Various sketches of the head of a woman: on the right is a sketch of the head turned to the left, looking down three quarters left, with the hair elaborately coiled and braided. Beneath this is a drawing of a head seen from the back. On the left are three quarter and rear views of the same subject. These are studies for the head of Leda in the lost painting of Leda and the Swan. Melzi's number 11. In classical mythology, Leda, queen of Sparta, was seduced by the god Jupiter in the form of a swan and bore two eggs, from each of which hatched twins. Leonardo worked on a painting of the subject over the last two decades of his life, which entered the French royal collection and was destroyed around 1700. Leonardo expended little effort on Leda’s demure downward glance, devoting his attention instead to the most complicated of hairstyles – which he even shows from the back of the head, quite unnecessarily. See also RCIN 912518. Text adapted from Leonardo da Vinci: A life in drawing, London, 2018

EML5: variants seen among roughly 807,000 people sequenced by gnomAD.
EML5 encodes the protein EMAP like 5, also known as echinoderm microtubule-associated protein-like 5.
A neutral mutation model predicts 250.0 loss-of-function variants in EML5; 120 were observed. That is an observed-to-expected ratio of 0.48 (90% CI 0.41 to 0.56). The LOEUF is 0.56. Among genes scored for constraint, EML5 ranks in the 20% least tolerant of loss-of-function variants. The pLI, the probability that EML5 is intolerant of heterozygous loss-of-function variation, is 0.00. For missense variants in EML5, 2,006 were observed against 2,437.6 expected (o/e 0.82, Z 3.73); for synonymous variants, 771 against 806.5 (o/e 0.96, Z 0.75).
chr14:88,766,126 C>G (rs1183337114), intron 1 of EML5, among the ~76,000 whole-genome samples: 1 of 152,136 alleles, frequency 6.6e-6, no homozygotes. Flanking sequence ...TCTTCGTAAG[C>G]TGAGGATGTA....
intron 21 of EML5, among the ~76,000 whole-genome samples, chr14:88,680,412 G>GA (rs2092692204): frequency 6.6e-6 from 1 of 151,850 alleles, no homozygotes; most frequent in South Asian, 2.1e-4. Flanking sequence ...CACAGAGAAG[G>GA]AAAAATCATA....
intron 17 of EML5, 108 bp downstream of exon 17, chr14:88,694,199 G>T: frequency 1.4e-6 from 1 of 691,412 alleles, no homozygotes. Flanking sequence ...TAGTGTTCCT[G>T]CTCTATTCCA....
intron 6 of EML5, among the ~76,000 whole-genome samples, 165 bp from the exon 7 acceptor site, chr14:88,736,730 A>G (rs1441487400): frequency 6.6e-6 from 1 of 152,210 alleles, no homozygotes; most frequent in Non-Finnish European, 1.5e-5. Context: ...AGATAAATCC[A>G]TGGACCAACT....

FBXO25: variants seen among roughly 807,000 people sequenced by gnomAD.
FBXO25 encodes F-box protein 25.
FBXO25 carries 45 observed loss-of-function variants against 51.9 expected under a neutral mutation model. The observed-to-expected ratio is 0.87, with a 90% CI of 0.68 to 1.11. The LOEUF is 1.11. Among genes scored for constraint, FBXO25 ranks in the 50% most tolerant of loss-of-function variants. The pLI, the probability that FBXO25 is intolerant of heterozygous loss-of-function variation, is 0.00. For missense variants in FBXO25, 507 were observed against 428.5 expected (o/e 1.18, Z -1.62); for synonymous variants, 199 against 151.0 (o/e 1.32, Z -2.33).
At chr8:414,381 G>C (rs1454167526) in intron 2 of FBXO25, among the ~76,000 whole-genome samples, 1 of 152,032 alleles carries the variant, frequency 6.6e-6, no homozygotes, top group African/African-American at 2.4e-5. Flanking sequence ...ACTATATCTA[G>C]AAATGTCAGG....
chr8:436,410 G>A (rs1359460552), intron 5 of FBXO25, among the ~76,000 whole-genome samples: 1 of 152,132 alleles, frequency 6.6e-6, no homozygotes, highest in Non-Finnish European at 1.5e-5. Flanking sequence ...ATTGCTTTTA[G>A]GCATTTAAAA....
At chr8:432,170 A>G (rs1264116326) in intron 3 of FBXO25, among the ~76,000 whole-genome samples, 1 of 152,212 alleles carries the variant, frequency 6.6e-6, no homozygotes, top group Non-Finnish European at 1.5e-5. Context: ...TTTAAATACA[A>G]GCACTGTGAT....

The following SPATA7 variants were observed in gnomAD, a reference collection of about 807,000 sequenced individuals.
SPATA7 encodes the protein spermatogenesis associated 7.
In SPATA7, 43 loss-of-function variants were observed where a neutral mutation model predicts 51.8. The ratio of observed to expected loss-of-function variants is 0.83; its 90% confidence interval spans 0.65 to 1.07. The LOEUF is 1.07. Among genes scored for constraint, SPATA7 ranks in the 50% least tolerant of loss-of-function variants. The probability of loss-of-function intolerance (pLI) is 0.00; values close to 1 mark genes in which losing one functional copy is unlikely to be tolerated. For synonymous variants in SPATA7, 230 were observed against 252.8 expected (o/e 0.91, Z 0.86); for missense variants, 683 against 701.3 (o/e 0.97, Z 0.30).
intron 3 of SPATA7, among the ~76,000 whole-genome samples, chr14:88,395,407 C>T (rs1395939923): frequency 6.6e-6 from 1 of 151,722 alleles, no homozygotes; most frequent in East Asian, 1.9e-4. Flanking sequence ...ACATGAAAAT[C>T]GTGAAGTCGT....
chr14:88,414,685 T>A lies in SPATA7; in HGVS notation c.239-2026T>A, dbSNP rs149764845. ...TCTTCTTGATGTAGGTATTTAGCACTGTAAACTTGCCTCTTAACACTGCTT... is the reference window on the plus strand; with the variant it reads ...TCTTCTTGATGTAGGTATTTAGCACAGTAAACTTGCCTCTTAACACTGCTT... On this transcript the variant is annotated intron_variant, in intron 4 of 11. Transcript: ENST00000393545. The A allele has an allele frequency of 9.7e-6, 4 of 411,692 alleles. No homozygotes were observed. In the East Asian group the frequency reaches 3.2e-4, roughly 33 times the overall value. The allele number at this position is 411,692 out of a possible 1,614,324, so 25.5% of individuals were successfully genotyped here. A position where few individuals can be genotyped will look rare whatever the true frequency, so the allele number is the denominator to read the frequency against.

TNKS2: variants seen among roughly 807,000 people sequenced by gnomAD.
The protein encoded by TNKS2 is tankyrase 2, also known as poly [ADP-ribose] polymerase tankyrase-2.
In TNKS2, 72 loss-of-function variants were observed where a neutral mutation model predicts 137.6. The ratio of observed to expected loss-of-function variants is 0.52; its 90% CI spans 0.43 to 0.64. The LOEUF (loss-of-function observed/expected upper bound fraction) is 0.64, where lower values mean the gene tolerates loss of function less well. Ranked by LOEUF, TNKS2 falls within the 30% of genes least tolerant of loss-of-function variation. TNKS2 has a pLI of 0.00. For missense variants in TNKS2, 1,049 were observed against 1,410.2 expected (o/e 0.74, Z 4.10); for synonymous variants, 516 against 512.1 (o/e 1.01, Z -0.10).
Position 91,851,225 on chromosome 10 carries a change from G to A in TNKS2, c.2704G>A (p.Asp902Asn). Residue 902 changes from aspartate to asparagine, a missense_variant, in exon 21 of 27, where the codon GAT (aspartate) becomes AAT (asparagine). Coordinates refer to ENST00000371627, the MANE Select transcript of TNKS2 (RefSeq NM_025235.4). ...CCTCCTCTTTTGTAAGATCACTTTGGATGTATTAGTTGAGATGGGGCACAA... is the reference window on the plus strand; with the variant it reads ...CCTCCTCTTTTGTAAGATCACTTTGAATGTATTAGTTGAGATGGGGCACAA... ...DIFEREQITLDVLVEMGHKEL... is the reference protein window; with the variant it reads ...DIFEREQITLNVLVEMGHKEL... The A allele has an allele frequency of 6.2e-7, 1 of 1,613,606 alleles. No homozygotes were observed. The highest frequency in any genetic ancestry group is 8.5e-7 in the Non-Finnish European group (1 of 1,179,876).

• Title: The head of Leda
  • Creator: Leonardo da Vinci
  • Date Created: c.1505-8
  • Physical Dimensions: 20.0 x 16.2 cm
  • Provenance: Bequeathed to Francesco Melzi; from whose heirs purchased by Pompeo Leoni, c.1582-90; Thomas Howard, 14th Earl of Arundel, by 1630; probably acquired by Charles II; Royal Collection by 1690
  • Type: Drawing
  • Rights: Royal Collection Trust / © Her Majesty Queen Elizabeth II 2019
  • External Link: Royal Collection Trust website
  • Medium: Black chalk, pen and ink

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